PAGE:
When it comes to the coronavirus, bars and nightclubs could easily become for younger people what nursing homes have been for the elderly.
Exhibit A in Florida: Lynch's Irish bar in Jacksonville Beach, where 16 people tested positive for Covid-19 after a night out on June 6. A 40-year-old health care worker told a Jacksonville television station that she and her friends had been careful for months, staying home. But when the bars finally opened, they chose to celebrate.
She said they weren't wearing masks and just had a lapse in keeping socially distant. They were all among those who tested positive after their night at Lynch's.
After news of the outbreak, Lynch's closed for a deep cleaning, reportedly at the cost of $7,000. Two other bars on Jacksonville Beach, the Wreck Tiki Lounge and the Tavern, closed a day later for similar reasons.
That jibes with what I experienced on a weeklong trip recently that took me to several towns along Florida's west coast and along the Panhandle.
At a popular fish restaurant in downtown Sarasota, I was offered a spot at the six-stool bar because it was the only place available for immediate dinner seating. When I sat down there were spaces on either side of me, but before long all the seats were filled. I tried to create some space as I ate my dinner, but it was hardly six feet. As I ate, patrons ordered and accepted drinks at the bar over my shoulder.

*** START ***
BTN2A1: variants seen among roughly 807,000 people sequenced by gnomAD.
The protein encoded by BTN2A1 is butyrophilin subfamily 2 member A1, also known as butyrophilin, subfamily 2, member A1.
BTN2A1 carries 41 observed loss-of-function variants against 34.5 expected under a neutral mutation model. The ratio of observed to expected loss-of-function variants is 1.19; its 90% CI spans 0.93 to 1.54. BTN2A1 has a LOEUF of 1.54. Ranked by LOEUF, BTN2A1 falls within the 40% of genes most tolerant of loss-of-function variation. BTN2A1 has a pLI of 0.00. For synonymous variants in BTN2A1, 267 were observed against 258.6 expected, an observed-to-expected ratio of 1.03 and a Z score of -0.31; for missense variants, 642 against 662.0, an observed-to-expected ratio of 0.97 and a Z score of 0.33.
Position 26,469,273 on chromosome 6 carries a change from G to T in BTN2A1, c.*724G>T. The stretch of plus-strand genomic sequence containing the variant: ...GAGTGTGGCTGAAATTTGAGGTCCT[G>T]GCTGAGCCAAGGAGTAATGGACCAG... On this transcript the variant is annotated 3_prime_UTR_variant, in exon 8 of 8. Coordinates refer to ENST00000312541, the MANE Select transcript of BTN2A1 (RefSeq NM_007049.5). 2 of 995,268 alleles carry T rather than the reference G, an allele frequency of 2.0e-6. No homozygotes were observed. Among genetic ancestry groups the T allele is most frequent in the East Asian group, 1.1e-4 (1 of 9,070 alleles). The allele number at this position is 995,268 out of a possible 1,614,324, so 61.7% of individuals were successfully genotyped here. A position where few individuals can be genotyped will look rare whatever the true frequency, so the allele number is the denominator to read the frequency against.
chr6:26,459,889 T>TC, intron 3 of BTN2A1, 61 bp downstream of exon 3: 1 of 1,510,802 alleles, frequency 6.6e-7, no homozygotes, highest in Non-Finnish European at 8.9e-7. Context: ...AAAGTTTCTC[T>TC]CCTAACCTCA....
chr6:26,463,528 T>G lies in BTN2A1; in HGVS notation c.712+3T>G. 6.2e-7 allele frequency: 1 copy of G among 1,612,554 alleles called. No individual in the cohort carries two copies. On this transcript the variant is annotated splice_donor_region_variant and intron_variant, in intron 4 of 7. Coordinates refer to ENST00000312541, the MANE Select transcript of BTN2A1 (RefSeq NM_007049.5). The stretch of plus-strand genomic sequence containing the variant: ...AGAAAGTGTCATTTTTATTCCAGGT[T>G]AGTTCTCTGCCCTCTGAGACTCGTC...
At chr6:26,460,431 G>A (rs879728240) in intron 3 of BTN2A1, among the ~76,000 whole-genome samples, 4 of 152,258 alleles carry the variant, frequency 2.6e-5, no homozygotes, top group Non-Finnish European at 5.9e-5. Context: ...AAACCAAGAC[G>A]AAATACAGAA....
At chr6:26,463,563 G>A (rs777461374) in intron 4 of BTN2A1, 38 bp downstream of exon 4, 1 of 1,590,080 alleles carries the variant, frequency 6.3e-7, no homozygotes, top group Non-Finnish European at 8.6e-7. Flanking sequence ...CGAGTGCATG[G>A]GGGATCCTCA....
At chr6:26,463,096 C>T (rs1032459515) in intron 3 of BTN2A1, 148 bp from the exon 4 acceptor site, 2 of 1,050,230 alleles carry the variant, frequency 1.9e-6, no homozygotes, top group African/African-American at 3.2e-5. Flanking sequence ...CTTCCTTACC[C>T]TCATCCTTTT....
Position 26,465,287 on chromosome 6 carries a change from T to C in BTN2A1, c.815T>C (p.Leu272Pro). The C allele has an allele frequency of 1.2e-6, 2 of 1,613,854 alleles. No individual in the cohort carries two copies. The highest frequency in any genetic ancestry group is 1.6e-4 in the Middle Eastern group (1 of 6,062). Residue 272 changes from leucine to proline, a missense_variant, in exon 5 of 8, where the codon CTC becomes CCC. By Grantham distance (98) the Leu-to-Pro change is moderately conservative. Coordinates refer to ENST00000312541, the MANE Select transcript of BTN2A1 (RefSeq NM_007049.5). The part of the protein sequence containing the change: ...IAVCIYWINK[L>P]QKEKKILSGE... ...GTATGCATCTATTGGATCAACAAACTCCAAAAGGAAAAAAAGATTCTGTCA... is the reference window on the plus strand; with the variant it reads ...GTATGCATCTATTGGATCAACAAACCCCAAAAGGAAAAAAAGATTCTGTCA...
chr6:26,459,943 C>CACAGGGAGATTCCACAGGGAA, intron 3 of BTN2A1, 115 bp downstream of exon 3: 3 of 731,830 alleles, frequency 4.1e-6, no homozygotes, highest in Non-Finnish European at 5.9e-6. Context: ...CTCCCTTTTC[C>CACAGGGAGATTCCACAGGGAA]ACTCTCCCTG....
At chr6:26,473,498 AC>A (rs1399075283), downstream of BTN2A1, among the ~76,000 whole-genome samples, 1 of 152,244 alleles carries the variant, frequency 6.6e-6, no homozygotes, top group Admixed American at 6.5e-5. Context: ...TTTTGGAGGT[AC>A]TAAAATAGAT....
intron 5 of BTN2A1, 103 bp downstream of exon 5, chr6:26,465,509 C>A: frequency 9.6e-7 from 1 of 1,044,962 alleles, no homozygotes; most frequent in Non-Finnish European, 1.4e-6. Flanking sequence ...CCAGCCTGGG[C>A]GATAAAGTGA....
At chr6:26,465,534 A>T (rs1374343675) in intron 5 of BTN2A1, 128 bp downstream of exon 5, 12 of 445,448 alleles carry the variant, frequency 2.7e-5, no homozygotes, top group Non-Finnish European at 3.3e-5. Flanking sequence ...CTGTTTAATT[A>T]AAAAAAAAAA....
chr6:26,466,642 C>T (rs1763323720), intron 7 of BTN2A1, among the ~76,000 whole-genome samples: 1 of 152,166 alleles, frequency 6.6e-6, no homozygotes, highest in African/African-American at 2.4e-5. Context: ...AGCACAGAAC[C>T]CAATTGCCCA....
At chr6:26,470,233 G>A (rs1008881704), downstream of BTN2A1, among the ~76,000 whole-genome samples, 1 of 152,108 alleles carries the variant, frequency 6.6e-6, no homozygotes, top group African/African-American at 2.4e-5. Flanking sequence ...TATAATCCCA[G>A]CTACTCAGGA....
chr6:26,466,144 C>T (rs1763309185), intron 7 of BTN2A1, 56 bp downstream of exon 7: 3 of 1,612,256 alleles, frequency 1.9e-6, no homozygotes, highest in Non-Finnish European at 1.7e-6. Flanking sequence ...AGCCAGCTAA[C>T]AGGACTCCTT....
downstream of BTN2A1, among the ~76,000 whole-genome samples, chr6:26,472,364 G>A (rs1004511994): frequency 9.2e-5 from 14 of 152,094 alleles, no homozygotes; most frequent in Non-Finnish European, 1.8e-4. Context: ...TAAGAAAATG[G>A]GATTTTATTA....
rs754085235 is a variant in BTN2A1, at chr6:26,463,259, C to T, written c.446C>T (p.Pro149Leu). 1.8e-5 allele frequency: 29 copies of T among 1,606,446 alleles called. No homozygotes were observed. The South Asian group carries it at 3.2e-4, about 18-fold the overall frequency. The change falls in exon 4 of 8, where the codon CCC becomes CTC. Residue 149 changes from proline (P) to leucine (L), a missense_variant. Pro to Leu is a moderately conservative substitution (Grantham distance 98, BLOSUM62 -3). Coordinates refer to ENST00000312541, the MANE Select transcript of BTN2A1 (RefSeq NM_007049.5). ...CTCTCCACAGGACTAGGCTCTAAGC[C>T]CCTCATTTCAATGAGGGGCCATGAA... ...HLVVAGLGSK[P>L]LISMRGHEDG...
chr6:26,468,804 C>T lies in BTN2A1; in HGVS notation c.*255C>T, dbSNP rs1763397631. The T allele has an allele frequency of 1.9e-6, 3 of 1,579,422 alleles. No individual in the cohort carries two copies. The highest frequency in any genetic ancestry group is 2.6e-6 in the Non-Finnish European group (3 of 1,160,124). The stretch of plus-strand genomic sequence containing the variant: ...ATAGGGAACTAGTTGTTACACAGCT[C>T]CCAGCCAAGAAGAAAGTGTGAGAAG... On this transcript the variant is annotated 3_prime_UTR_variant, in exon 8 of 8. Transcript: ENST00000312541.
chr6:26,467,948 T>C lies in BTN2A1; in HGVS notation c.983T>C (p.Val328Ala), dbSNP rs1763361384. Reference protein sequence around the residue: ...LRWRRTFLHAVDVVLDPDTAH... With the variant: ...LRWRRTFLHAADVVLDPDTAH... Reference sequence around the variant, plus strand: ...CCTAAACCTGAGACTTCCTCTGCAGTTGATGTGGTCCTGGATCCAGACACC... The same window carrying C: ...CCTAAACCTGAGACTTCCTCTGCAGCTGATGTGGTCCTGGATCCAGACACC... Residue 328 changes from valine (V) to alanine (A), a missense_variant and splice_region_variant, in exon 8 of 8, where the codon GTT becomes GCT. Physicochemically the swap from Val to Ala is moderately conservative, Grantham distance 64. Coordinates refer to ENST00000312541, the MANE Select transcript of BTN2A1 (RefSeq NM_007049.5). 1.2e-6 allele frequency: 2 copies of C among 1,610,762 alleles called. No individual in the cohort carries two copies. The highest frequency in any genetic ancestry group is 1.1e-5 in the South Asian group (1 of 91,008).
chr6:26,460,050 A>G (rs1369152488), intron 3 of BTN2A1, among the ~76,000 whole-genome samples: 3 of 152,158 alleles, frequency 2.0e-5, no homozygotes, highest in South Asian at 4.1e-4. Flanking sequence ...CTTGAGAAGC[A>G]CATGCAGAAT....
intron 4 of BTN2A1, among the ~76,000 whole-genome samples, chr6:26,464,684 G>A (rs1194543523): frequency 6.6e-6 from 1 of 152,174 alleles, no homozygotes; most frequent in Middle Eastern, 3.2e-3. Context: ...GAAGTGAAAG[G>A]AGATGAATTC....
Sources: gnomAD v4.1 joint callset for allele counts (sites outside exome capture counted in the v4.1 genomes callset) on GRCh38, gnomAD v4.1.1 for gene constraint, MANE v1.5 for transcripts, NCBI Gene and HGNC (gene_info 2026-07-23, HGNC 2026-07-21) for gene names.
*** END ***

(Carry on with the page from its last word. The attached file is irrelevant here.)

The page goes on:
Most of the those at that bar were young men. At a hotel bar in another city on my trip, there were lots of guys there for a college baseball tournament, but also tables of young women. Except for me, the only ones wearing masks were the servers and bartenders.
Florida bars were allowed to open at 50% capacity starting on June 4, except in Miami-Dade, Broward and Palm Beach counties, where they're still closed. But in those counties, there is often a fine line between a bar that serves food (closed) and a restaurant that serves alcohol (allowed).
I don't see how bone fide bars are going to be able to stay open without some real creativity, to say nothing of the vaunted nightclubs on Miami Beach. For most people, social distancing defeats the purpose of going to these places. Who really wants to be in a bar where everyone is six feet from everyone else? How can you bend the bartender's ear when you can't get close enough to be heard through your mask?
Plus, asking staffers who survive on tips to police their customers' social distancing is a tall order.
I'm sure there are bar owners with the best of motives and a real need to save their businesses by reopening. But from the viewpoint of the overall hospitality industry, the fewer new Covid cases, the more attractive Florida looks to tourists. And the more bars that are open, my guess is, the less attractive Florida is going to look this summer.